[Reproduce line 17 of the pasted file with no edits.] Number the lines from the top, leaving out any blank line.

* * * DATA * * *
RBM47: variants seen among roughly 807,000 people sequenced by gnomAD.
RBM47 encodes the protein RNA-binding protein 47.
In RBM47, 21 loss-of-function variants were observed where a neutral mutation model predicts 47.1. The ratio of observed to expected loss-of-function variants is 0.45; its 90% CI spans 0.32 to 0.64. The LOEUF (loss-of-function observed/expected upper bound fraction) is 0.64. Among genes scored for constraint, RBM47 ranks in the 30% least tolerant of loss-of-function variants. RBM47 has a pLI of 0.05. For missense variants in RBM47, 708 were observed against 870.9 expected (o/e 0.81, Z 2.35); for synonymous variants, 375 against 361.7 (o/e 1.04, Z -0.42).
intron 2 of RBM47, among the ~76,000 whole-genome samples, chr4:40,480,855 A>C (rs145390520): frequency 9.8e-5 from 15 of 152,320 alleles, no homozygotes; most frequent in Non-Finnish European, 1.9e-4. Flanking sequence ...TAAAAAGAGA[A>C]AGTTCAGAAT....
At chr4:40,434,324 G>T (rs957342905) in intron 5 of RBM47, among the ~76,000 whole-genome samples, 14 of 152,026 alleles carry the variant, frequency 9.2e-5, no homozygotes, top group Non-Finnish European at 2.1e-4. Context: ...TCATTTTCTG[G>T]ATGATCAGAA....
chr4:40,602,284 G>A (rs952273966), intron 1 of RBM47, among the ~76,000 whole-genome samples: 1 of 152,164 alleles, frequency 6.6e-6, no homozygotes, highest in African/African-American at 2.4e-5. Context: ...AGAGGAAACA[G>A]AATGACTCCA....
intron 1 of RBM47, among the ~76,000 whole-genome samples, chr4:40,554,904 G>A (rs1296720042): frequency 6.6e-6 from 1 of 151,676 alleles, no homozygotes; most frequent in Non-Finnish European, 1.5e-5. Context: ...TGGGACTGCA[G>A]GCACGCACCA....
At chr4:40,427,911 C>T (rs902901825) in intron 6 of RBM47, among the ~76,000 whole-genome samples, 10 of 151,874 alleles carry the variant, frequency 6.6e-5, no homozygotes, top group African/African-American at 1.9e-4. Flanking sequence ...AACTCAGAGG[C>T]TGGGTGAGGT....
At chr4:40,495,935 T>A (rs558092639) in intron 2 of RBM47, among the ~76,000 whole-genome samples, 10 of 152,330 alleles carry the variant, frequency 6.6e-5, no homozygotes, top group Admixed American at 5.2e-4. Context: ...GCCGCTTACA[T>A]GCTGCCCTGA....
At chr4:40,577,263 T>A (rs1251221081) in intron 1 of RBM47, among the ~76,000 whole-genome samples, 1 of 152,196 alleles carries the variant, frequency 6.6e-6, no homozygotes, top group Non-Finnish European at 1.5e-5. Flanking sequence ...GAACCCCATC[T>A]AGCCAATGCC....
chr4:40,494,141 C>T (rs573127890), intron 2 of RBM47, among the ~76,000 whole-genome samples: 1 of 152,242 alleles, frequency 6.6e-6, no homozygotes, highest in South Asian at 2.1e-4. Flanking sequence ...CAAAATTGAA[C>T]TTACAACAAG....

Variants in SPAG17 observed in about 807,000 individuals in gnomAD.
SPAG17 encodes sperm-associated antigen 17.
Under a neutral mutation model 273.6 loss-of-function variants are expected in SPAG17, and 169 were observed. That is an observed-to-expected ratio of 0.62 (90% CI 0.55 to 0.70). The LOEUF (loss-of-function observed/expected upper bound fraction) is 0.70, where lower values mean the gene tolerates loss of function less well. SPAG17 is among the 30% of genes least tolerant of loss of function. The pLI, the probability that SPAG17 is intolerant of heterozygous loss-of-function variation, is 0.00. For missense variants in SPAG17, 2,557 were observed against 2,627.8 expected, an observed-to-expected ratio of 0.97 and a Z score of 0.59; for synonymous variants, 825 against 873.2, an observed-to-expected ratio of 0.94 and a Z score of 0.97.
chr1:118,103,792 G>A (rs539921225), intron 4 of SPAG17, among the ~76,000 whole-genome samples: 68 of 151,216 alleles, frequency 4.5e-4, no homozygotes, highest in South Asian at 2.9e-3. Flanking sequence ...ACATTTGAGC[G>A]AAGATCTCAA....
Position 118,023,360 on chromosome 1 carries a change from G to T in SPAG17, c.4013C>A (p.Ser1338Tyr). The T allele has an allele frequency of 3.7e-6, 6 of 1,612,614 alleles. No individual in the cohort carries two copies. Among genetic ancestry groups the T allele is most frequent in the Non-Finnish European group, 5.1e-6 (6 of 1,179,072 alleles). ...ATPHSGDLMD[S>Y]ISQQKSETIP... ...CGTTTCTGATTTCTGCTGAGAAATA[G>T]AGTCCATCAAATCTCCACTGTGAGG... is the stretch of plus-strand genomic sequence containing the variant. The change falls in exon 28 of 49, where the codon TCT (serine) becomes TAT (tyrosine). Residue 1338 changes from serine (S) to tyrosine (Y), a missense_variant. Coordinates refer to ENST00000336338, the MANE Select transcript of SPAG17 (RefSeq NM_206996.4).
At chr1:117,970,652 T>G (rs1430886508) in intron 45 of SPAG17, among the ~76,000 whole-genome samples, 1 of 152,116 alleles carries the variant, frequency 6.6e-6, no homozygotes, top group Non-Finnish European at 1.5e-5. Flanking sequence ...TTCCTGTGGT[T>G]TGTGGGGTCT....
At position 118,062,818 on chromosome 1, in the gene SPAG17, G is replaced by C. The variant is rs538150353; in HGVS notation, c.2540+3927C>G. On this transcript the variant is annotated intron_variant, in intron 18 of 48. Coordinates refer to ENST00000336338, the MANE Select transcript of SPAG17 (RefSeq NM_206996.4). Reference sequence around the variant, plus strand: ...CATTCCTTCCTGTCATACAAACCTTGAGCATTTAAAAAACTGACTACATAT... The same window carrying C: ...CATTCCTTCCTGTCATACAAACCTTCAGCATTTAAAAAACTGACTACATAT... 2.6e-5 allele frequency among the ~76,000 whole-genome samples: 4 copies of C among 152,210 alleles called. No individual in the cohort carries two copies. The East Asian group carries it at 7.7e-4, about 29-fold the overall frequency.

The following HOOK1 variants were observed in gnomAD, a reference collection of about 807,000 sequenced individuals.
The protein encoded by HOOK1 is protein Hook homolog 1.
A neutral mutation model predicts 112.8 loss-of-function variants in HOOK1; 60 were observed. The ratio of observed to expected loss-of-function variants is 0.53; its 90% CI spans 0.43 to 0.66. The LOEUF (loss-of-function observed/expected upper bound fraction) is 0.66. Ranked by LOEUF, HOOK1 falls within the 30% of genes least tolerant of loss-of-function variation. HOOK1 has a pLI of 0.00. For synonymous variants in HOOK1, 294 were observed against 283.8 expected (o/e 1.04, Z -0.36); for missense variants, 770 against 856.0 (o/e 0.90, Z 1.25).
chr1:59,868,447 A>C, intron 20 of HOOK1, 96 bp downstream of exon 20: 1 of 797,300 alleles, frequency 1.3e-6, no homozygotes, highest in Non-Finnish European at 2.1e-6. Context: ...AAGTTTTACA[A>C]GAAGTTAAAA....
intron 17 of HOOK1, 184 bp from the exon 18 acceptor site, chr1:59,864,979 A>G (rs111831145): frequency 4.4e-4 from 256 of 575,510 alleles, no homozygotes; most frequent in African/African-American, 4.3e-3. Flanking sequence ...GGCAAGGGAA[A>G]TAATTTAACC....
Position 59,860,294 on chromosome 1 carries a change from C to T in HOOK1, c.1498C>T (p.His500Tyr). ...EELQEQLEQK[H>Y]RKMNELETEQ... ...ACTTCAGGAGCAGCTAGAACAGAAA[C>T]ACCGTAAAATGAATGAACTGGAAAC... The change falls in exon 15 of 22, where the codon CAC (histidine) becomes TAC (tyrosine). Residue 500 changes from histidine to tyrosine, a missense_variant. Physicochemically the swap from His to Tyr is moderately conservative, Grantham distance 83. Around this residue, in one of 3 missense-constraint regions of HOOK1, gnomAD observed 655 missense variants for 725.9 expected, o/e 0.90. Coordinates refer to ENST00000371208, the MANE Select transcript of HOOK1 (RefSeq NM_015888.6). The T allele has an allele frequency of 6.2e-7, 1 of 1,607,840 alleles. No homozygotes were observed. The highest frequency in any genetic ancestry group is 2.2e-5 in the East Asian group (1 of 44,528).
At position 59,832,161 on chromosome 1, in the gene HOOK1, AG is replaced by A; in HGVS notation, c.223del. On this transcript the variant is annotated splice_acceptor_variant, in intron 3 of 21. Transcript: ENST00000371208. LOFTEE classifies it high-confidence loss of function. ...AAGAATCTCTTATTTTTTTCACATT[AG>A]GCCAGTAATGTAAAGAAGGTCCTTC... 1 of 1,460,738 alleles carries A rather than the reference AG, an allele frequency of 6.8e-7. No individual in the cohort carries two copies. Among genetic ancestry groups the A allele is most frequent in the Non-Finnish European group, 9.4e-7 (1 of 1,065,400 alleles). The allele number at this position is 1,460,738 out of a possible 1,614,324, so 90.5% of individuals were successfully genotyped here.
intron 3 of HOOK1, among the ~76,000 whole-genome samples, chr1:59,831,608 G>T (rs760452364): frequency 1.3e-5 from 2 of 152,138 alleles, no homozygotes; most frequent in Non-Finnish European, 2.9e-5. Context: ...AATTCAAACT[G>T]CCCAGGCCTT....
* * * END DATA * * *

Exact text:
At chr1:117,970,652 T>G (rs1430886508) in intron 45 of SPAG17, among the ~76,000 whole-genome samples, 1 of 152,116 alleles carries the variant, frequency 6.6e-6, no homozygotes, top group Non-Finnish European at 1.5e-5. Flanking sequence ...TTCCTGTGGT[T>G]TGTGGGGTCT....